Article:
City Clerk Catherine Roeske had one word to describe how things went at Oak Creek polling places when we spoke late Tuesday afternoon:
It certainly seems apt.
West Middle School was the first stop of my day Tuesday shortly before 9 a.m. Much to my surprise, I didn't find long lines of voters waiting to cast their ballot — only about 10 people were in line when I showed up. The chief inspector told me that lines stretched out the door and down a hallway shortly after the polls opened at 7 a.m., but dissipated after that time.
The same story was told at the other five polling places in Oak Creek: a huge early-morning rush, then quiet the rest of the day. It picked up a little in the late afternoon/early evening, but not dramatically so. And certainly not the hours-long wait that normally accompanies a presidential election.
Oak Creek's turnout was 88.6 percent, topping the 86 percent from the 2008 presidential election. So it's not like people didn't vote. One obvious factor that provides some explanation — almost 30 percent of Oak Creek registered voters cast a ballot prior to Election Day.
But that still doesn't entirely explain the short lines. Nor was it the only strange thing about Tuesday in Oak Creek.
The city saw a high number of same-day voter registrations. That normally wouldn't be surprising for a presidential election, but it was in this case because Wisconsin just had a gubernatorial recall election in June when 76 percent of Oak Creek registered voters came out to the polls.
The same-day registrations came from people of all ages. One was a 73-year-old man who told Roeske he was voting in his very first election. Another was a middle-age woman who said she had hadn't registered to vote to avoid jury duty.
At 7:15 p.m., more than 50 people were in line waiting to register at the Oak Creek Community Center. Those who were already registered had no wait whatsoever.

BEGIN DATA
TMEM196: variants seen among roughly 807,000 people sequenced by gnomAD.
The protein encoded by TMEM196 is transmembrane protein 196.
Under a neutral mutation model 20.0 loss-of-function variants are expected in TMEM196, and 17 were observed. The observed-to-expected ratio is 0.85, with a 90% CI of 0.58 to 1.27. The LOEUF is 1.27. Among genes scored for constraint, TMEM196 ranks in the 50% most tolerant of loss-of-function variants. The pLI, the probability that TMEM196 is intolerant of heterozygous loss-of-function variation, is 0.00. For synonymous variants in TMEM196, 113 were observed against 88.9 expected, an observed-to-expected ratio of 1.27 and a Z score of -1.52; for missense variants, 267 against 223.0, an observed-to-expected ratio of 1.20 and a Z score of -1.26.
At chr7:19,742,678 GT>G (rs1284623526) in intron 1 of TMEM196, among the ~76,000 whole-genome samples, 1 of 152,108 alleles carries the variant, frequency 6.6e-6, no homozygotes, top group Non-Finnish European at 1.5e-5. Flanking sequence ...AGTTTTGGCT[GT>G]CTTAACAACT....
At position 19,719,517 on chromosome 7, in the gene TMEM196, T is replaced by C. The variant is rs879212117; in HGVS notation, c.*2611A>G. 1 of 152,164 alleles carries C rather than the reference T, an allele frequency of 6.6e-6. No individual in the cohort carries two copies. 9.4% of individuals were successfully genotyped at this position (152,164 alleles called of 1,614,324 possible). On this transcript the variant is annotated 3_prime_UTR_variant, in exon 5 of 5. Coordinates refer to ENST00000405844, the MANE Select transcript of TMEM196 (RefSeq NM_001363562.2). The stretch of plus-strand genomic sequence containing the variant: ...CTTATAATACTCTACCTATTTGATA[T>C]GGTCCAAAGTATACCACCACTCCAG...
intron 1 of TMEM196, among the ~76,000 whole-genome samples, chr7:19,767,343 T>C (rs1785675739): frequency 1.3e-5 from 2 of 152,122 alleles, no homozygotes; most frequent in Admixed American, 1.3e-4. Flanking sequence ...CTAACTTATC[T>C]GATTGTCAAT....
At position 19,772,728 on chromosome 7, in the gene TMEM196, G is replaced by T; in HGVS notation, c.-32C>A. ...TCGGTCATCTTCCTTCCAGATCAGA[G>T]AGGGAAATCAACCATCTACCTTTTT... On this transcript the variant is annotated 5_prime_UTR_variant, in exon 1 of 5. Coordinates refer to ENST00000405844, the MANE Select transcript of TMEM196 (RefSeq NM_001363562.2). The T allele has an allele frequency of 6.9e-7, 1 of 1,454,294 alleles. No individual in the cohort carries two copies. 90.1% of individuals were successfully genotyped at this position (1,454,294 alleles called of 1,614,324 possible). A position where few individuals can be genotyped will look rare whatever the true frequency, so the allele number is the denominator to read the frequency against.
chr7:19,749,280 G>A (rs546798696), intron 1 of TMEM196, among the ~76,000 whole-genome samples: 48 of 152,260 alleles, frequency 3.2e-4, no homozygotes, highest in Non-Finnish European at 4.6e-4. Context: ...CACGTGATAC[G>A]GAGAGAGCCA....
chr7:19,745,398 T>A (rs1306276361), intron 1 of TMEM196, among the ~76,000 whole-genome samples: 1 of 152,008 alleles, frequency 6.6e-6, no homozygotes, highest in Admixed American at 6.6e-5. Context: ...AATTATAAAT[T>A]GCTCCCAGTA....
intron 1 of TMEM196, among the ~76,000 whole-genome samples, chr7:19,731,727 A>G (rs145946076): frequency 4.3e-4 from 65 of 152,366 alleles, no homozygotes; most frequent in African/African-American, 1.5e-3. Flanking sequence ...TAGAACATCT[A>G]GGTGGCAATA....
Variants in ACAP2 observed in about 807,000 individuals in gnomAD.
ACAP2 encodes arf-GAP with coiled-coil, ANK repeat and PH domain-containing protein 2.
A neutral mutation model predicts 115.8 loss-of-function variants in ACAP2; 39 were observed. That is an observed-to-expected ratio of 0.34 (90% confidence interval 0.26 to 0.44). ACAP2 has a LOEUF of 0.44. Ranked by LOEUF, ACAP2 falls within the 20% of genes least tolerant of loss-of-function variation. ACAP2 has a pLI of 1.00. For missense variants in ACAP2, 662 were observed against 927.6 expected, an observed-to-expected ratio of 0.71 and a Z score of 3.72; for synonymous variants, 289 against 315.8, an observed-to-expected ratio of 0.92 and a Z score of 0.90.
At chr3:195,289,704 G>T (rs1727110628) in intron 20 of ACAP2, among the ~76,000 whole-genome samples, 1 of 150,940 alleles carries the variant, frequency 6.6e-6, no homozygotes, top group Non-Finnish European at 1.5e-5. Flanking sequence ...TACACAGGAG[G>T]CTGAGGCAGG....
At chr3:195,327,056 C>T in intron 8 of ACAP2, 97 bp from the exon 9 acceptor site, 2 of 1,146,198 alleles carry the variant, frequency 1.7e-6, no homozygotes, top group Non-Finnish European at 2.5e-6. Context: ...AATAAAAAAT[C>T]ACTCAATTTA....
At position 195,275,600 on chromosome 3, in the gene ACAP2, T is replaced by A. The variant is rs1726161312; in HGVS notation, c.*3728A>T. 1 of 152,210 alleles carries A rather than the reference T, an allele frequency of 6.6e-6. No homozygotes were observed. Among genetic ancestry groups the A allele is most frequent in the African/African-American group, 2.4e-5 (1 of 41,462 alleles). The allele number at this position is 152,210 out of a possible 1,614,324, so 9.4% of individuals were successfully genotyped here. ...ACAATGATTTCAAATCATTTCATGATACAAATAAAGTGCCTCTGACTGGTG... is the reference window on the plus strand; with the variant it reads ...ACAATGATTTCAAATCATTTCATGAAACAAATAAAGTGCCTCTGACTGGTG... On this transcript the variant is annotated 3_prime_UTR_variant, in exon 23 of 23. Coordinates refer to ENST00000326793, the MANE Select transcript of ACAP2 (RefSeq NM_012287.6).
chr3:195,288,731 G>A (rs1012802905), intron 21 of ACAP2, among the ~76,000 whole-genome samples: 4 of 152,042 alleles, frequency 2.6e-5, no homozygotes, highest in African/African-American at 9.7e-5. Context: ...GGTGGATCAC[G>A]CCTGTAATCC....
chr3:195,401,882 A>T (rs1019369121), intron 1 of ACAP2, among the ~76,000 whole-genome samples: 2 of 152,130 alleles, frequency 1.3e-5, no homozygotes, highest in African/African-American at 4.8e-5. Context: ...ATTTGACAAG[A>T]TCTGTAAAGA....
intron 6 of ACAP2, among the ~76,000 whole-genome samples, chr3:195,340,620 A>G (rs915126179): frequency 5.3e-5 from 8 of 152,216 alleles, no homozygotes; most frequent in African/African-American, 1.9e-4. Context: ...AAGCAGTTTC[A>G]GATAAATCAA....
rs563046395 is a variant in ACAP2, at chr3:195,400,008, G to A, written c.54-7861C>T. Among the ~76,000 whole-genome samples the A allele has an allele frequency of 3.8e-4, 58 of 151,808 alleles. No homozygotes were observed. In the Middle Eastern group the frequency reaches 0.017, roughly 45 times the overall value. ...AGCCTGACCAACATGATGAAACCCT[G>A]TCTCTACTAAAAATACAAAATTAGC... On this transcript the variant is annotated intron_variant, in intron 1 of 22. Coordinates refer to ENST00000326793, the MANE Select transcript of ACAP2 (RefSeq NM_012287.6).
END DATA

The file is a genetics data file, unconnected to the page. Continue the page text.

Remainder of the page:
"It seems like a lot of new voters that have never registered before," Roeske said.
One thing that wasn't surprising, however, was how Oak Creek voted.
Mitt Romney and Tommy Thompson easily won the majority of the Oak Creek vote with 54 percent and 53 percent, respectively. After Republican nominee John McCain got just 51 percent of the Oak Creek vote in 2008, Romney's numbers looked more like those of George W. Bush, who got 55 percent in Oak Creek in both 2000 and 2004.
Obama, however, carried Wisconsin and several other key swing states on his way to win a second term in the White House. Baldwin, meanwhile, won the race to replace the retiring U.S. Sen. Herb Kohl.
U.S. Rep. Paul Ryan, while he lost his bid for vice president, easily won another term to represent the 1st District and got 58 percent in Oak Creek.
Republican state Rep. Mark Honadel also easily carried the city, getting 62 percent of the vote against Democratic challenger Bill Kurtz and winning re-election to his sixth term in the Legislature.
District 1 District 2 District 3 District 4 District 5 District 6 Total Pct President Romney/Ryan 1,657 1,455 1,607 1,931 1,982 1,392 10,024 54% Obama/Biden 1,385 1,460 1,356 1,481 1,341 1,404 8,427 45% U.S. Senate Tommy Thompson 1,614 1,440 1,544 1,859 1,947 1,374 9,778 53% Tammy Baldwin 1,349 1,396 1,329 1,436 1,296 1,326 8,132 44% U.S. representative Paul Ryan 1,713 1,501 1,627 1,966 2,029 1,434 10,270 58% Rob Zerban 1,174 1,227 1,140 1,243 1,119 1,177 7,080 40% State assembly Mark Honadel 1,816 1,573 1,726 2,120 2,150 1,468 10,853 62% Bill Kurtz 1,105 1,196 1,095 1,143 1,034 1,153 6,726 38%
All results remain unofficial until certified by the Board of Canvassers.
After six elections this year, any Oak Creek voters said they were just happy to be done with the political campaigns for awhile.
"I'm ready for it to be over," said Jennifer Lawrence as she left voting at Parkway Church. "A little extreme this time."
Jaime Dugan said she tried to keep an open mind as the election progressed, but "I didn't really gain any new insights from the beginning of the election to the end of the election."
And as far as the political ads, "Exhausting. Tedious. Daunting. Emotionally draining."
Joy over the end of political advertising: perhaps the only thing we can all agree on.
— Patch correspondent Samantha Nash contributed to this report.